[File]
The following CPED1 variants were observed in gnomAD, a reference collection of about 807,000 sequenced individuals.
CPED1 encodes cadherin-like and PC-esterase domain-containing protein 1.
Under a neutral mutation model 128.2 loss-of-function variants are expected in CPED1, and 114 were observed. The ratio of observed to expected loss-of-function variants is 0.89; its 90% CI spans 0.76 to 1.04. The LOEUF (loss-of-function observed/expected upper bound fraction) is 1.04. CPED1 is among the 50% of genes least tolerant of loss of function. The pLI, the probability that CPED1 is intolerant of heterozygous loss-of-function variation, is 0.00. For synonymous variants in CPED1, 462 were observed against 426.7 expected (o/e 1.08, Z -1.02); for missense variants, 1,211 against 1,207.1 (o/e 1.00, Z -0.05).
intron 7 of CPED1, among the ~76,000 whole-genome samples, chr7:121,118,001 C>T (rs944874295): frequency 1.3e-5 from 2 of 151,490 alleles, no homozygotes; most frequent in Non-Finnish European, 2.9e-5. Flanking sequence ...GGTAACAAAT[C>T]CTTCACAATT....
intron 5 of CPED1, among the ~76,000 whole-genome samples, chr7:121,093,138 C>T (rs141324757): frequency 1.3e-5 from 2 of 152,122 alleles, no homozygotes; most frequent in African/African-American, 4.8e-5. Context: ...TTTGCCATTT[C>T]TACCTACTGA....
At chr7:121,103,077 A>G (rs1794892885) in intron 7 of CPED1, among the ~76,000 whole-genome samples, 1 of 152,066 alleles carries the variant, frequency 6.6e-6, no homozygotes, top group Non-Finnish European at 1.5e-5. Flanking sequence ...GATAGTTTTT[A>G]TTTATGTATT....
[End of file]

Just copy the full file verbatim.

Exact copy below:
The following CPED1 variants were observed in gnomAD, a reference collection of about 807,000 sequenced individuals.
CPED1 encodes cadherin-like and PC-esterase domain-containing protein 1.
Under a neutral mutation model 128.2 loss-of-function variants are expected in CPED1, and 114 were observed. The ratio of observed to expected loss-of-function variants is 0.89; its 90% CI spans 0.76 to 1.04. The LOEUF (loss-of-function observed/expected upper bound fraction) is 1.04. CPED1 is among the 50% of genes least tolerant of loss of function. The pLI, the probability that CPED1 is intolerant of heterozygous loss-of-function variation, is 0.00. For synonymous variants in CPED1, 462 were observed against 426.7 expected (o/e 1.08, Z -1.02); for missense variants, 1,211 against 1,207.1 (o/e 1.00, Z -0.05).
intron 7 of CPED1, among the ~76,000 whole-genome samples, chr7:121,118,001 C>T (rs944874295): frequency 1.3e-5 from 2 of 151,490 alleles, no homozygotes; most frequent in Non-Finnish European, 2.9e-5. Flanking sequence ...GGTAACAAAT[C>T]CTTCACAATT....
intron 5 of CPED1, among the ~76,000 whole-genome samples, chr7:121,093,138 C>T (rs141324757): frequency 1.3e-5 from 2 of 152,122 alleles, no homozygotes; most frequent in African/African-American, 4.8e-5. Context: ...TTTGCCATTT[C>T]TACCTACTGA....
At chr7:121,103,077 A>G (rs1794892885) in intron 7 of CPED1, among the ~76,000 whole-genome samples, 1 of 152,066 alleles carries the variant, frequency 6.6e-6, no homozygotes, top group Non-Finnish European at 1.5e-5. Flanking sequence ...GATAGTTTTT[A>G]TTTATGTATT....